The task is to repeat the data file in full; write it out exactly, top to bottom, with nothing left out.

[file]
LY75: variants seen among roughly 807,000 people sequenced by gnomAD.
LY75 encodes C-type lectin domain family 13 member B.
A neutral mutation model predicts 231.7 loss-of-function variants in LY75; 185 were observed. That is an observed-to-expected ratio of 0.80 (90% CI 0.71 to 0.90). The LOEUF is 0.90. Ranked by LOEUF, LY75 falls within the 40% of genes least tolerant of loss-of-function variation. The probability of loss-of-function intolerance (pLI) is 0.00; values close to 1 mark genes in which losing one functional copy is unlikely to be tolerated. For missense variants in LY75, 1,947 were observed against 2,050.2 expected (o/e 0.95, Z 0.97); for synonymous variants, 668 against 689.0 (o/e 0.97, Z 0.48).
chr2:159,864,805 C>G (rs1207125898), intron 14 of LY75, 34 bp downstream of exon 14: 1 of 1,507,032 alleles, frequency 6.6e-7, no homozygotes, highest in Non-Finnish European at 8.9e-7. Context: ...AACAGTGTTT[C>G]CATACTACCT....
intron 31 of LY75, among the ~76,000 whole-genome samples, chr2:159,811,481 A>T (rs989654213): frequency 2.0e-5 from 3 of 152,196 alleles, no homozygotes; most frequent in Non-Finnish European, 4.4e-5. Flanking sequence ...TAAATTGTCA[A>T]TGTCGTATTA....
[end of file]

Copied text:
LY75: variants seen among roughly 807,000 people sequenced by gnomAD.
LY75 encodes C-type lectin domain family 13 member B.
A neutral mutation model predicts 231.7 loss-of-function variants in LY75; 185 were observed. That is an observed-to-expected ratio of 0.80 (90% CI 0.71 to 0.90). The LOEUF is 0.90. Ranked by LOEUF, LY75 falls within the 40% of genes least tolerant of loss-of-function variation. The probability of loss-of-function intolerance (pLI) is 0.00; values close to 1 mark genes in which losing one functional copy is unlikely to be tolerated. For missense variants in LY75, 1,947 were observed against 2,050.2 expected (o/e 0.95, Z 0.97); for synonymous variants, 668 against 689.0 (o/e 0.97, Z 0.48).
chr2:159,864,805 C>G (rs1207125898), intron 14 of LY75, 34 bp downstream of exon 14: 1 of 1,507,032 alleles, frequency 6.6e-7, no homozygotes, highest in Non-Finnish European at 8.9e-7. Context: ...AACAGTGTTT[C>G]CATACTACCT....
intron 31 of LY75, among the ~76,000 whole-genome samples, chr2:159,811,481 A>T (rs989654213): frequency 2.0e-5 from 3 of 152,196 alleles, no homozygotes; most frequent in Non-Finnish European, 4.4e-5. Flanking sequence ...TAAATTGTCA[A>T]TGTCGTATTA....